I'll try to find some small nordic bees (a.m.m.) but still prepare to regress by rotating out brood comb.


After some searching on the forum almost all of the small tidbits are in place. In one posting i found the size of the top entrance that Michael Bush uses in his TBHs in winter. It's 3/8" or roughly a centimeter. Could the entrance be even smaller? Another post gives the info on insulation. The hives need to have a block of styrene on top of the top bars, but nothing on the sides. I might make the block slightly ridged, though. 3/4" lumber (19 millimeter) will do.

Michaels hive design is simpler than the one I intended to build. There might be minor changes to the original design, though. One would be to adapt to one of the swedish hive standard widths. The A.m.m bees might need different bar sizes too, but i'm hoping they won't.

I guess i can safely start building my hives now.


While writing this post i noticed some words and names getting changed by the forum software. Why does that happen?
« Last Edit: February 20, 2012, 05:27:33 PM by snowdog » Logged

all human societies will be judged on how well they take care of the weak.
kathyp
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« Reply #10 on: February 20, 2012, 09:43:09 PM »

there is a filter to keep it family friendly.  sometimes it changes things that are not bad words or meant as slang.  it might also happen if you have an auto checker for spelling or use the spell check on here...although it should prompt you for changes.

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.....The greatest changes occur in their country without their cooperation. They are not even aware of precisely what has taken place. They suspect it; they have heard of the event by chance. More than that, they are unconcerned with the fortunes of their village, the safety of their streets, the fate of their church and its vestry. They think that such things have nothing to do with them, that they belong to a powerful stranger called “the government.” They enjoy these goods as tenants, without a sense of ownership, and never give a thought to how they might be improved.....

 Alexis de Tocqueville
snowdog
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« Reply #11 on: February 21, 2012, 02:53:02 AM »

Thanks kathyp.

I did some searching on the forum and found out the reason for the rewritten words. Some sort of controversy back in 2008, it seems.

These things happen.
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all human societies will be judged on how well they take care of the weak.
BlueBee
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« Reply #12 on: February 21, 2012, 06:01:30 AM »

Snowdog you might want to post your idea/desire for a top bar hive in the far north in the “General Beekeeping – main posting forum” and see what people say.  Finski doesn’t seem to use the other areas of the forum very often.  If you post it the main forum, you may get some response from him!  I recall Finski and Frameshift having an entertaining conversation about top bar hives a couple months ago.  As Frameshift says, there are also beeks on here from northern Wisconsin and Minnesota which get VERY cold in the winter.  They may have some ideas too.
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snowdog
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« Reply #13 on: February 22, 2012, 09:59:12 AM »

BlueBee, do you have a link to that conversation by Tbeek and Finski? It would be interesting to read.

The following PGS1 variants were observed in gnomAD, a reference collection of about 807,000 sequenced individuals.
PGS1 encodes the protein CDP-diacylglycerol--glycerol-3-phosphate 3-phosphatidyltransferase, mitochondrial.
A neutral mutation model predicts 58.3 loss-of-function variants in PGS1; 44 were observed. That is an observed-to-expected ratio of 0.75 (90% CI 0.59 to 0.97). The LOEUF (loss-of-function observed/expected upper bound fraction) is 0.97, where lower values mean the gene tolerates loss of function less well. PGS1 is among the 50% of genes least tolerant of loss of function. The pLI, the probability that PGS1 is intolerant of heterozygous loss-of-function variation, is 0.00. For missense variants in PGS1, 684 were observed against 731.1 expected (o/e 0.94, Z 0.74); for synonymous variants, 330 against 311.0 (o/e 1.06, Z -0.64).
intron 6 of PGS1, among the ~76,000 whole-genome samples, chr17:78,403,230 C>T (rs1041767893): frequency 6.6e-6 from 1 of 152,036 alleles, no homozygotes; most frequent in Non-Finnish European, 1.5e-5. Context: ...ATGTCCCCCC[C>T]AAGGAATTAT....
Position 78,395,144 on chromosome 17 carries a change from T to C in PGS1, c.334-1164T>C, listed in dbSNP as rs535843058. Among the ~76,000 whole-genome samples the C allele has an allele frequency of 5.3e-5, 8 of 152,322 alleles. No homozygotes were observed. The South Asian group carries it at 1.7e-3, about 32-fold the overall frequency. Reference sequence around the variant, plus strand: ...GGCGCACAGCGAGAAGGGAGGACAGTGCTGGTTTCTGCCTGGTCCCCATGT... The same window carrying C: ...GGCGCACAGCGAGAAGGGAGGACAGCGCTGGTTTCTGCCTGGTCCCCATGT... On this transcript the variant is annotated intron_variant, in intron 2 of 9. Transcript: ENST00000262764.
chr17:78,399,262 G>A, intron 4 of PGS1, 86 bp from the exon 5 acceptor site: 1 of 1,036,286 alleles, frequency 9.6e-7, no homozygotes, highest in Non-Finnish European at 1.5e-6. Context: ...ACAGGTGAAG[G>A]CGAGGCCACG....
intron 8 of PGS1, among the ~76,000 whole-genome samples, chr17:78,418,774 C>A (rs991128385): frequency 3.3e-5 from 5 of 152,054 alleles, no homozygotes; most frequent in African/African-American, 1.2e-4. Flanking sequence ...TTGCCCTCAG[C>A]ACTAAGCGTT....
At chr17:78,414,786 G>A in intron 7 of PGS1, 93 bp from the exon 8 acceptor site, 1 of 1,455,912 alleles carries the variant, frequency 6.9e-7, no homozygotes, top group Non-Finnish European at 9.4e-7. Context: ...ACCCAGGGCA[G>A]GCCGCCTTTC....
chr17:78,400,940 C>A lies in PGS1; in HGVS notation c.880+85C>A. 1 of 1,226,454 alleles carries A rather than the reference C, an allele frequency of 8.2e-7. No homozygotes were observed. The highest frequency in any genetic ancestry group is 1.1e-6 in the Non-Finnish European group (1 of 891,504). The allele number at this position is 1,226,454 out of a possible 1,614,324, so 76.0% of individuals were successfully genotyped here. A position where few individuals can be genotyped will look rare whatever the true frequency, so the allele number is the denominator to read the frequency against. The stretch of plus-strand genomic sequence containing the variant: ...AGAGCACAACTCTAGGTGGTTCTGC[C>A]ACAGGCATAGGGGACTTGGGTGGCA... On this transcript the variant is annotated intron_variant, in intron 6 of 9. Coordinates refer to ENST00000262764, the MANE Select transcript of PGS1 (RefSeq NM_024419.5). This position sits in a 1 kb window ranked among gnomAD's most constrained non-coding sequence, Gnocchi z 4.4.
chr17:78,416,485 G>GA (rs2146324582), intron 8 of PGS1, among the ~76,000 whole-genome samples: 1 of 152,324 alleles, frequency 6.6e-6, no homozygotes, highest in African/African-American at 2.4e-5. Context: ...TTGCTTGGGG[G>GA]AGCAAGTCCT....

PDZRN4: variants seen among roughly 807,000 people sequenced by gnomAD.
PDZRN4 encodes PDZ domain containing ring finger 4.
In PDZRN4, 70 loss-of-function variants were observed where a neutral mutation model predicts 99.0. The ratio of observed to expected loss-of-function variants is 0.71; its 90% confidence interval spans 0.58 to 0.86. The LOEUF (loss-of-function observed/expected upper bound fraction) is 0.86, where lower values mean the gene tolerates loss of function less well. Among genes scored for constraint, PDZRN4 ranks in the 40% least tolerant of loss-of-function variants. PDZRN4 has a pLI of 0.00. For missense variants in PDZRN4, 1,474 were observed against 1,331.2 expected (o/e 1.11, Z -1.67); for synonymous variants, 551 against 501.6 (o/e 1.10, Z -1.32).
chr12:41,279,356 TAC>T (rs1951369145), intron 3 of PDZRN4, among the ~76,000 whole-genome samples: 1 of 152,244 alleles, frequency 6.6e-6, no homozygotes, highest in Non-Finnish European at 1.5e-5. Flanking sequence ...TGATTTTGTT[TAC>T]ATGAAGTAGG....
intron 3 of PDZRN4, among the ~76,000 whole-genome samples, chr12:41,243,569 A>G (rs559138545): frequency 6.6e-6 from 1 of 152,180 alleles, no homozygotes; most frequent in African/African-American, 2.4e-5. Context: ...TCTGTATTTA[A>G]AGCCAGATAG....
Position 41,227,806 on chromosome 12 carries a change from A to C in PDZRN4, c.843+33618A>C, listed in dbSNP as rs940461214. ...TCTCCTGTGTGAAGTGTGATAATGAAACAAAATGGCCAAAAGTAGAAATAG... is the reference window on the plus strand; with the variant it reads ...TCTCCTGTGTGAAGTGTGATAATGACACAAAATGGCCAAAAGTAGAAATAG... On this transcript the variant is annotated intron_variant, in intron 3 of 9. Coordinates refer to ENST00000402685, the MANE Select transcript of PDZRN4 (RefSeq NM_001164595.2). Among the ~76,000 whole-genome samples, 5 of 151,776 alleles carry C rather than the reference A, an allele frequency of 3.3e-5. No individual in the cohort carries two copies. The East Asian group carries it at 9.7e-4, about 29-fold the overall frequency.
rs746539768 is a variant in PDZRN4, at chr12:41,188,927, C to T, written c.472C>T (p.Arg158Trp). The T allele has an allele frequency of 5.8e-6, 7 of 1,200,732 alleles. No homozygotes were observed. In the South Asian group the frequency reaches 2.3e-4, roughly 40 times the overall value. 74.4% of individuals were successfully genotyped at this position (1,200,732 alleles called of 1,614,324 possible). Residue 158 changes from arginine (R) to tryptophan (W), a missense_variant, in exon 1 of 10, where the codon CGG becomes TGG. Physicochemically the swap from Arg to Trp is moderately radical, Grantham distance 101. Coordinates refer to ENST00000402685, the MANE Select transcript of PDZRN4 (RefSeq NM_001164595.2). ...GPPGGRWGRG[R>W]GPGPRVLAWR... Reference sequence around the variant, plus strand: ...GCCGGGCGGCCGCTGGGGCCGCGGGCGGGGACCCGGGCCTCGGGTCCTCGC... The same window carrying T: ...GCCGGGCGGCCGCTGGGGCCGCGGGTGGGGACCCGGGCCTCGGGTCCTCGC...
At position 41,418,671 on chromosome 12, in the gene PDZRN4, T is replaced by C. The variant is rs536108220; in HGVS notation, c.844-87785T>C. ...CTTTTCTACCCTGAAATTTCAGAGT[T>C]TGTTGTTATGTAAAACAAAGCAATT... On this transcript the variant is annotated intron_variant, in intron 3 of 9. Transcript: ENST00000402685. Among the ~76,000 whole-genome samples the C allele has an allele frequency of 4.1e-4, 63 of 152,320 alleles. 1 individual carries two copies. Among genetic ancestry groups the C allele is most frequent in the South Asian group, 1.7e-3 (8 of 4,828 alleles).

Going through some posting histories looking for wintering tips. If i can't find all the things i'm looking for then i'll post there and on the TBH area. Thanks for the tip!

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all human societies will be judged on how well they take care of the weak.
boca
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« Reply #14 on: February 22, 2012, 10:55:31 AM »

I think TBH vs. frames makes a difference to the beekeeper not to the bees. Finski's advice on winter preparation is valid in your case as well. If the colonies are healthy, populous with young wintering bees, young queen, they have good capped stores around the cluster and insulation/ventillation is OK, then wintering can be successful in a TBH as well.

Here I have four little nucs wintering under the snow:
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snowdog
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« Reply #15 on: February 23, 2012, 06:43:48 AM »

Finski's knowledge is well worth reading up on, and i do. Does he post in finnish somewhere? I spent parts of each summer of my youth in Helsinki, so i understand a bit of the tongue.

Top bar hives should winter as well as other hives, with the right preparations, of course. That's why i'm asking about what those preparations might be. Especially those that concern the construction of the hive. I think have things figured out (thanks to some good advice) and hopefully any change from now on could be solved with mere bolt-ons. It's hard to study top bar hives because of the wealth of different (and sometimes opposing) designs available. Without going into details it just takes a lot of reading and thinking. What needs to be understood is the different demands by the bees in different locations. ...and that I'm just a wannabe looking for enough of a subset to help my bees survive the next winter.

What a beautiful photo, boca. It makes me long for the coming spring. Kiitos.
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all human societies will be judged on how well they take care of the weak.
laurabat
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« Reply #16 on: February 23, 2012, 08:02:52 PM »

Hello and welcome. Glad you found us! Wink
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specialkayme
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« Reply #17 on: February 23, 2012, 09:06:30 PM »

Welcome to the site!
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Hippie-Beekeeper
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« Reply #18 on: March 03, 2012, 10:31:58 PM »

Welcome Sweden happy to have you join as an if you need help just ask there are nice people here once again welcome and enjoy the site. =^..^=

Hippie-Beekeeper Brawley, Ca U.S.A.   afro